The comeback of Iran’s reformist and centrist movements

By Arshin Adib-Moghaddam (for Safe Democracy)

Arshin Adib-Moghaddam writes on the recent rise of the neoconservative movement in Iran‘s increasingly diversified political spectrum. Unlike the neoconservative movements of the US or the UK, Iran‘s neoconservatives have advocated social welfare, capital redistribution, anti-corruption measures and have pursued a pragmatic foreign policy agenda. Yet, in Adib-Moghaddam‘s opinion, their traditionalist preference for preservation over reform, and their combination of the repressive tendencies of the Shah, with the revolutionary rhetoric of Khomeini, has not convinced the Iranian electorate, thus instigating the comeback, in the recent elections, of the reformist and centrist movements.

Arshin Adib-Moghaddam is the author of The International Politics of the Persian Gulf: A Cultural Genealogy and the forthcoming The Question of the Islamic Republic: Selected essays on the politics of post-revolutionary Iran. He teaches international relations at Oxford University.

DURING THE PAST FEW YEARS A NEW CURRENT HAS EMERGED in Iranian politics that has redefined the right-wing in the Islamic Republic. The ascendancy of the Isargaran and Abadgaran, Iran’s main right-wing movements, can be traced back to the municipal elections of 2003 when Abadgaran members won the majority of seats in Tehran and promptly elected Mahmoud Ahmadinejad as Major in April of the same year.

Their electoral success was repeated in 2004, when the Abadgaran and Isargaran won the largest number of parliamentary votes, including most of the seats in Tehran. And it was against the backdrop of this shift to the right in Iranian politics that Mahmoud Ahmadinejad was able to win the ninth presidency of the Islamic Republic in June 2005.

In discussing why I use the term neoconservative to describe Iran’s right-wing, the first thing I would like to mention is that domestically Iranian neo-conservatism is neither monolithically capitalistic nor, in terms of foreign relations, does it have expansionary aims. The Right elsewhere, like in the United States or the United Kingdom for instance, usually has a strong tendency towards deregulated capitalism which manifests itself in tax-cuts for the upper-classes and less emphasis on social welfare. There is also typically a propensity for reactionary foreign policies (example given: Reaganism and Thatcherism).

Mahmoud Ahmadinejad and his institutional backers, on the contrary, have advocated social welfare for the poor, capital redistribution, anti-corruption measures and have thus far pursued a rather pragmatic, although rhetorically confrontational, foreign policy agenda.

So what makes Iran’s right-wing neoconservative? A quick perusal of the sociology of Iranian neoconservatism shows that the movement has emerged out of the cultural attitude of patriarchal traditionalism among those orthodox strata of Iranian society whose ultimate aim is to preserve (rather than reform) the political structure of the Islamic Republic and reify (rather than reinterpret) the political tenets of Khomeinism. Ultimately, Iran’s right-wing has inherited the chauvinism of Persian nationalism heralded by the Pahlavi monarchs, and the populism of the early revolutionary years. As such they are representative of Iran’s political culture both before and after the Islamic revolution in 1979.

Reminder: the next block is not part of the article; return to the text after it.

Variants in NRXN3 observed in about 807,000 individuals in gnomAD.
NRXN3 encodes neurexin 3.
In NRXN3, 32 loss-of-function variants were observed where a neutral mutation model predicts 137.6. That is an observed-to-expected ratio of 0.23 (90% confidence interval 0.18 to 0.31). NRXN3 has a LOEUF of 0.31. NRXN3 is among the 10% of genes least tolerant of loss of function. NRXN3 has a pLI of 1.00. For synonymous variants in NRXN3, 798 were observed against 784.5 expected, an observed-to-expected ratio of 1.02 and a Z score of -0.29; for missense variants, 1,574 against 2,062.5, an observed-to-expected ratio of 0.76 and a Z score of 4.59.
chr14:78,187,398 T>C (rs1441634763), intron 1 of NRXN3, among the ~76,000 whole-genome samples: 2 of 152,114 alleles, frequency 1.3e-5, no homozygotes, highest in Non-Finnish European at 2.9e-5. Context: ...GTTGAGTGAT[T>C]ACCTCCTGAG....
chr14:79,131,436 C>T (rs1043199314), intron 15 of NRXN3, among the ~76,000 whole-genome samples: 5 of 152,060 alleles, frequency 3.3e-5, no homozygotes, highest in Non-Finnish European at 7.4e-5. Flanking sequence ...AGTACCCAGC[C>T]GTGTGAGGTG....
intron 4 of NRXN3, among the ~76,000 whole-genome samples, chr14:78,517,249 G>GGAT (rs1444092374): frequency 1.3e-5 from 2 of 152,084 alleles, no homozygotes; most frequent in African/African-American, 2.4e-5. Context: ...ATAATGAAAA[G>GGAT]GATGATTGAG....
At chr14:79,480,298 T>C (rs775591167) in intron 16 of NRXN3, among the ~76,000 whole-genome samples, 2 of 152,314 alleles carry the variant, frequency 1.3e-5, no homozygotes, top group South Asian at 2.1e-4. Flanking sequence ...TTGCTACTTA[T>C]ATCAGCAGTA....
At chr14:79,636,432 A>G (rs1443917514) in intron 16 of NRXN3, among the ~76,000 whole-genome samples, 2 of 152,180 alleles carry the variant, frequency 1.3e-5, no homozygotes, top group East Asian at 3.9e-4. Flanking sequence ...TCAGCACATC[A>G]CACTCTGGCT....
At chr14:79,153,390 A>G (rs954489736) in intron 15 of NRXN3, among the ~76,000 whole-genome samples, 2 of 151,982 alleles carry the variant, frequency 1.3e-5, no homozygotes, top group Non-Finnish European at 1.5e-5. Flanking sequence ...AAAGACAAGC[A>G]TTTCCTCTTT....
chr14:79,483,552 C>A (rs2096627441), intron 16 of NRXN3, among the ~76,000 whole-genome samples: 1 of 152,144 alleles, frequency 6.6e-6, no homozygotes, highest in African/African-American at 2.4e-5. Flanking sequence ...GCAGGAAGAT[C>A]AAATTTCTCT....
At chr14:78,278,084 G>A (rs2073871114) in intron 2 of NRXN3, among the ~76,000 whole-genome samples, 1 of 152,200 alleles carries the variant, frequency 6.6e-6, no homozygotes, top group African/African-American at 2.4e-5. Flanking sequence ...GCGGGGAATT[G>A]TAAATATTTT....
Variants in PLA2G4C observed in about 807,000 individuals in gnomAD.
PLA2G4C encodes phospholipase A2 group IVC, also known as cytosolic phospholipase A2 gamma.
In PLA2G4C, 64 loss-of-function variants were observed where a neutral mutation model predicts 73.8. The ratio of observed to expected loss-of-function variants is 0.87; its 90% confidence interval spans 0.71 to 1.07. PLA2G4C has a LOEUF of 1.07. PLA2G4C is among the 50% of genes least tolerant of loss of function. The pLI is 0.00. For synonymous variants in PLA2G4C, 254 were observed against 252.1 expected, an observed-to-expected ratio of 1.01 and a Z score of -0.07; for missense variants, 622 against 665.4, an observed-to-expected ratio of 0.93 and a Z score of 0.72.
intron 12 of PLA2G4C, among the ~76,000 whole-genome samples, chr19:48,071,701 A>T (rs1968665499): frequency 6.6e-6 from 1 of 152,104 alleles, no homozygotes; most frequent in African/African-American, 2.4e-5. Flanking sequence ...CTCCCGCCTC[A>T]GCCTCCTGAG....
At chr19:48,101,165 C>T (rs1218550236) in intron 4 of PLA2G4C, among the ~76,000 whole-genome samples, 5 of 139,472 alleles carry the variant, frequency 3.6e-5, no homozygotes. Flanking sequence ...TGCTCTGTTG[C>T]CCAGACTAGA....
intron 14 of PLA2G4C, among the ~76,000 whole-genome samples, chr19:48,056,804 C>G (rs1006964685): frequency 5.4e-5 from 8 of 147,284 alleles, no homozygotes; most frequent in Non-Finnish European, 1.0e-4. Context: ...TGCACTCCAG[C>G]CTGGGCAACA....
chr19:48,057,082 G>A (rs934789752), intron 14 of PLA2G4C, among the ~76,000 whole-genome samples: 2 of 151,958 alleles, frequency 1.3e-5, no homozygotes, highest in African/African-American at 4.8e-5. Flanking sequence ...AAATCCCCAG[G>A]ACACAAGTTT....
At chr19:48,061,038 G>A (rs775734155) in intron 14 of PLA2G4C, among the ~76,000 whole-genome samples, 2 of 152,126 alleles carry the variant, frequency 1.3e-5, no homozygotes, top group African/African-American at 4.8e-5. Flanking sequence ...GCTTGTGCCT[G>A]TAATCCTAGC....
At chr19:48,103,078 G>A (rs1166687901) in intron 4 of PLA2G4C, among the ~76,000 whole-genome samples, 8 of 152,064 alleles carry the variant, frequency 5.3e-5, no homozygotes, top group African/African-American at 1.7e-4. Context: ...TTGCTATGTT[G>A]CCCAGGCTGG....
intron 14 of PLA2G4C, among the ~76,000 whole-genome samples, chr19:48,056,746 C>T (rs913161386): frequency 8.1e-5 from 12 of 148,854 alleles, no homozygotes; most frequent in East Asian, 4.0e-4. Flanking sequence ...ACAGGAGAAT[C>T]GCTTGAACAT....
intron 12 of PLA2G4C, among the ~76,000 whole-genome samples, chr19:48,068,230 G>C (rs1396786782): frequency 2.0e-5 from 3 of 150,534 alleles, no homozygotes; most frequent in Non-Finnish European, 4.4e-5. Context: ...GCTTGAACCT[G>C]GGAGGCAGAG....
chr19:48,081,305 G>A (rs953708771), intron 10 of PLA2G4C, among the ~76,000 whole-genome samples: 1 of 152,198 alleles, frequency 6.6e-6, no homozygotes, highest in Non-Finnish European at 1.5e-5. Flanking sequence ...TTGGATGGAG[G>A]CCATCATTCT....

On the one hand, not unlike the Shah, Ahmadinejad and his followers feel quite comfortable advocating equality, emancipation, justice and virtue abroad, while closing down reformist newspapers, intimidating intellectuals and harassing nongovernmental organisations within Iran. And on the other hand, they portray themselves as the guardians of the Imam’s line (khat-e imam, Ayatollah Khomeini’s legacy) neglecting that his was a movement for revolutionary change, and not retroactive political, socio-economic and cultural orthodoxy.

Not unlike their counterparts in the United States, Iran’s neoconservatives received a major blow in recent elections for the municipal councils and the 86-member Assembly of Experts. The latter oversees the performance of the Supreme Leader Ayatollah Ali Khamenei and has the power to dismiss him if necessary. Former President Hashemi-Rafsanjani, a pragmatist who lost against Ahmadinejad in the second round of the presidential elections in June 2005, won a landslide victory in the elections for the Assembly of Experts and reformists were able to secure most seats in the city council of Tehran and in Shiraz, Isfahan, Ahvaz, Khorramabad and elsewhere.

The fluidity of Iranian democracy defies forecasting and prognosis. But it appears that the focus of the Ahmadinejad administration on capital redistribution, decentralisation, and empowerment of the provinces vis-à-vis Tehran has not impressed the electorate. Despite the failure of the reformists to rally their forces behind a unified leadership and their inability to redefine a popular agenda based on their strengths –economic, cultural and socio-economic restructuring– they have dealt a serious blow to Iran’s neoconservatives at quite an early stage in their ascendancy.

I concur with my colleagues in Iran, therefore, in the analysis that the recent elections heralded the comeback of the reformists and centrists wings of Iran’s increasingly diversified political spectrum.

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